Growth vs Income Investing
Growth vs Income Investing
The Growth vs Income discussion is one of those that just keeps on going, because there is no right or wrong answer. The real answer is that it depends – on your age, your situation, your investment priorities, your family situation, your appetite for risk, the size of your pension pot, and on many other factors. So, the best we can do is to offer up some features, benefits and disadvantages of each approach, and then leave it to you to decide what is best for you.
The Ideal Investment
Let’s start by looking at what would be the perfect investment – a completely risk free investment that delivered both high growth and a stable and growing income stream that beat inflation. Of course, that “perfect investment” does not exist. Instead, the investment world looks like the triangle in the top left corner.
As you move toward one corner of the triangle you move away from the other two. If you want an investment that is safe, you have to be willing to accept less income and growth. If you want an investment that produces consistent income, you have to understand that it will not grow as much. If you want an investment that grows, you have to be willing to accept less safety.
Determine Your Time Horizon
As retirees, our time horizon is actually our life expectancy, which means that if we retire at the state retirement age of 65 we could still have around 25-30 years, during which we need to ensure a secure financial income for ourselves. Traditionally, investment time frames are split into:
- Short term: money you will potentially need within 1-2 years.
- Mid term: Money you will potentially need within 3-9 years.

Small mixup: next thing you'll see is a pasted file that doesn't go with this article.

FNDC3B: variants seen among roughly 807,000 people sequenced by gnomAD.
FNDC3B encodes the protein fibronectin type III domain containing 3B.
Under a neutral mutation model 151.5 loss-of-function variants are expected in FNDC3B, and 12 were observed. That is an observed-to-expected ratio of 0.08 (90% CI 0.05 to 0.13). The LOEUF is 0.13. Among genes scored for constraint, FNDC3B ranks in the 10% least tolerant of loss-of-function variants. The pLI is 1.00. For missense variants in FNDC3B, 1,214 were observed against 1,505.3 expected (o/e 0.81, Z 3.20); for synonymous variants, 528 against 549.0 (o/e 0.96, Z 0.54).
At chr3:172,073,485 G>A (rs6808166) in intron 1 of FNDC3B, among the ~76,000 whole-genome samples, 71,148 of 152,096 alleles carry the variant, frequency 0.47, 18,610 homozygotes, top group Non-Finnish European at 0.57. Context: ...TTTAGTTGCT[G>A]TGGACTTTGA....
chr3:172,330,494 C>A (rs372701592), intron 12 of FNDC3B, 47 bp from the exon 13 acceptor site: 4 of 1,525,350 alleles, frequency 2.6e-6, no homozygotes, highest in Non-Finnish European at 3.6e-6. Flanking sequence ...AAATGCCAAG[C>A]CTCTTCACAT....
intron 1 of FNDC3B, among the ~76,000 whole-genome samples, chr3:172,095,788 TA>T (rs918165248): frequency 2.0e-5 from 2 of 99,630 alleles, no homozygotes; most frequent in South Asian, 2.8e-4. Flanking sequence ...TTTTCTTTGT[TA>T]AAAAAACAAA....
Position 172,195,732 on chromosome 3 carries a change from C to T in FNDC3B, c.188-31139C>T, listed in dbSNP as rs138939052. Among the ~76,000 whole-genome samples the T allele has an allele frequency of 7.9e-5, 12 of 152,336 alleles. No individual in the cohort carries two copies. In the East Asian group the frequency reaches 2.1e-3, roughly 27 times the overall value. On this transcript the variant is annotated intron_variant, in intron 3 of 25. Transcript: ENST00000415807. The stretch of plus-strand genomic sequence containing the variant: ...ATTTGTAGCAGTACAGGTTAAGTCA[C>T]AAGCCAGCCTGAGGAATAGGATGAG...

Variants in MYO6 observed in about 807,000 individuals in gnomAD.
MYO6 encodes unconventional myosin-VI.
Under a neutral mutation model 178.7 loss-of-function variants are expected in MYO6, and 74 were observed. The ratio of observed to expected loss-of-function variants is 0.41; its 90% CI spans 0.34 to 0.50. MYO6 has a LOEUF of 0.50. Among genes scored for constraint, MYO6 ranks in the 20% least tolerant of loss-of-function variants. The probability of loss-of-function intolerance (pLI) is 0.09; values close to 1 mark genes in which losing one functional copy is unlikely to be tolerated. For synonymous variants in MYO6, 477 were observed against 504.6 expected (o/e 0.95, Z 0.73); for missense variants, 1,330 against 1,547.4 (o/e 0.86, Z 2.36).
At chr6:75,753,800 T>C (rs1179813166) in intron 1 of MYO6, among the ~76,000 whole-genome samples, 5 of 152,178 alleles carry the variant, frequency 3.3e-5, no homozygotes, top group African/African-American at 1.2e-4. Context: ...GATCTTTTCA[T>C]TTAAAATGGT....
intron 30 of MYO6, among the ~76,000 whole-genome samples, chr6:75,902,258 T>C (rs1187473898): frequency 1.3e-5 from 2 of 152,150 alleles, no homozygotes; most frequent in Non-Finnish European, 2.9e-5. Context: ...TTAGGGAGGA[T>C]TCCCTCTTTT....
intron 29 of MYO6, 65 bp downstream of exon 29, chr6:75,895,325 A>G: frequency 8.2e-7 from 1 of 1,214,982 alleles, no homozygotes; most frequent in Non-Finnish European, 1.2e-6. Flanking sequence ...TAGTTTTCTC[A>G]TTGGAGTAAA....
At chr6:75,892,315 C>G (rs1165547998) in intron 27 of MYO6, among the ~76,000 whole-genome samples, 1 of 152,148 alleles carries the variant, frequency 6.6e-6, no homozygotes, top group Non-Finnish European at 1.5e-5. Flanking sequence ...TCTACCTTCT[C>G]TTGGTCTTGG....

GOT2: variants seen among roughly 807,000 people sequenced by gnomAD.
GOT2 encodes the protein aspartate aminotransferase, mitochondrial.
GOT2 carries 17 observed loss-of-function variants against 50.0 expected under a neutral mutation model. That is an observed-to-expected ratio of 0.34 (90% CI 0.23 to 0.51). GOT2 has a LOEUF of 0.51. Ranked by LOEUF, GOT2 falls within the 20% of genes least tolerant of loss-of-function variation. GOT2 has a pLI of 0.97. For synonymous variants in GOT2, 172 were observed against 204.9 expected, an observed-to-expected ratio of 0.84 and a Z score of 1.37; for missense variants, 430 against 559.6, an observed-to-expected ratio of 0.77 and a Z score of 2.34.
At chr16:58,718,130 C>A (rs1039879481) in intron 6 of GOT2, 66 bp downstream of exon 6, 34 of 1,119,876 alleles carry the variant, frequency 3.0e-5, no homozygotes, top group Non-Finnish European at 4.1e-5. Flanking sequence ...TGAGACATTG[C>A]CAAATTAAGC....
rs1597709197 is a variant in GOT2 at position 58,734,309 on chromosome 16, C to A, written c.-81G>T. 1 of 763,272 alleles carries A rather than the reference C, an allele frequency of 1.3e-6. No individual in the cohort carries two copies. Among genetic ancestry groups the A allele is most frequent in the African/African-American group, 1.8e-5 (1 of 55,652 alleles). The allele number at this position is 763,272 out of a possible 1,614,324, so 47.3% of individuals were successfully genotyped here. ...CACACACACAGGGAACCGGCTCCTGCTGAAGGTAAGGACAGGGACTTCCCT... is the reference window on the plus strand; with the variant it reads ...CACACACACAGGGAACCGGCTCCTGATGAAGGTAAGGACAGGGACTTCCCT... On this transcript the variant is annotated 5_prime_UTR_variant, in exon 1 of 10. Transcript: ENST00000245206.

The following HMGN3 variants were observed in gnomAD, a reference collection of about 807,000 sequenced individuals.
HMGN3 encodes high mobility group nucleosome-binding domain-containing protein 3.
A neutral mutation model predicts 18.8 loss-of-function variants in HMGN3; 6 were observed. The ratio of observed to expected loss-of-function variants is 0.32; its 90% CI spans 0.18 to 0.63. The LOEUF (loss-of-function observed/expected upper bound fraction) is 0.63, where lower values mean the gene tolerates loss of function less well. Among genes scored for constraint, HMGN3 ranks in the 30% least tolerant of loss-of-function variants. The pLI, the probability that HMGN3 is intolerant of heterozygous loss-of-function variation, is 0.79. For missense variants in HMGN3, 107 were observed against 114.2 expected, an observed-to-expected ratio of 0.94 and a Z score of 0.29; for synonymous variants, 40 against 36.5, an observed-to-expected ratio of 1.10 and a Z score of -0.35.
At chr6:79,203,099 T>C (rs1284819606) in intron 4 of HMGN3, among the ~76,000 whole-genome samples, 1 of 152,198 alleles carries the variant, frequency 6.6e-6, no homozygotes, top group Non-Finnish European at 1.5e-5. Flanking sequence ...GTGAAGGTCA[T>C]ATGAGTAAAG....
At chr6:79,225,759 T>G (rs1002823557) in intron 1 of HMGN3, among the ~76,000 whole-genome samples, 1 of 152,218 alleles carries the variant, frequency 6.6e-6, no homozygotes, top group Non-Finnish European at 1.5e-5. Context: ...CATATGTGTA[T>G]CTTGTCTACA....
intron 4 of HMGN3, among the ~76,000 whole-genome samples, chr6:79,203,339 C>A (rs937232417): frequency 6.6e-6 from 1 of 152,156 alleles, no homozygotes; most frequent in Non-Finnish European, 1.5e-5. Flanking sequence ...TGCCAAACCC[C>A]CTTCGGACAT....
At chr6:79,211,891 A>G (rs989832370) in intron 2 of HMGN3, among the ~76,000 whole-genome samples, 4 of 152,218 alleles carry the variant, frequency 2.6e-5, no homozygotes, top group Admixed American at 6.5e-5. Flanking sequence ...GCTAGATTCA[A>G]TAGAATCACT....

- Long term: money you will not need for 10+ years.
For short term money, you should choose safe investments or easily accessible cash savings, for mid term money consider a balanced fund, and for longer term money it is reasonable to consider an element of growth.
The secret is to create a portfolio of investments that match your time horizon and are combined in the right proportions to deliver the results you need. Of course, this is easier said than done. An adviser or financial planner can help with this. Advisers and Financial Planners are slightly different in what they focus on – both can advise on types and mixes of investments to suit your needs but financial planners take a more holistic approach to delivering a financial plan that meets your needs. You can read more about what financial planners can do for you at the Institute for Financial Planning.
Trustnet is a great source of ideas and suggestions for investing, and many of their articles focus on the needs of a retirement audience. Perhaps start with their 10 tips to build a retirement income portfolio and if you like their approach go on to read their thoughts on five equity income funds that may be suitable for a retirement portfolio . This also includes discussion on important considerations such as capital protection and reducing volatility.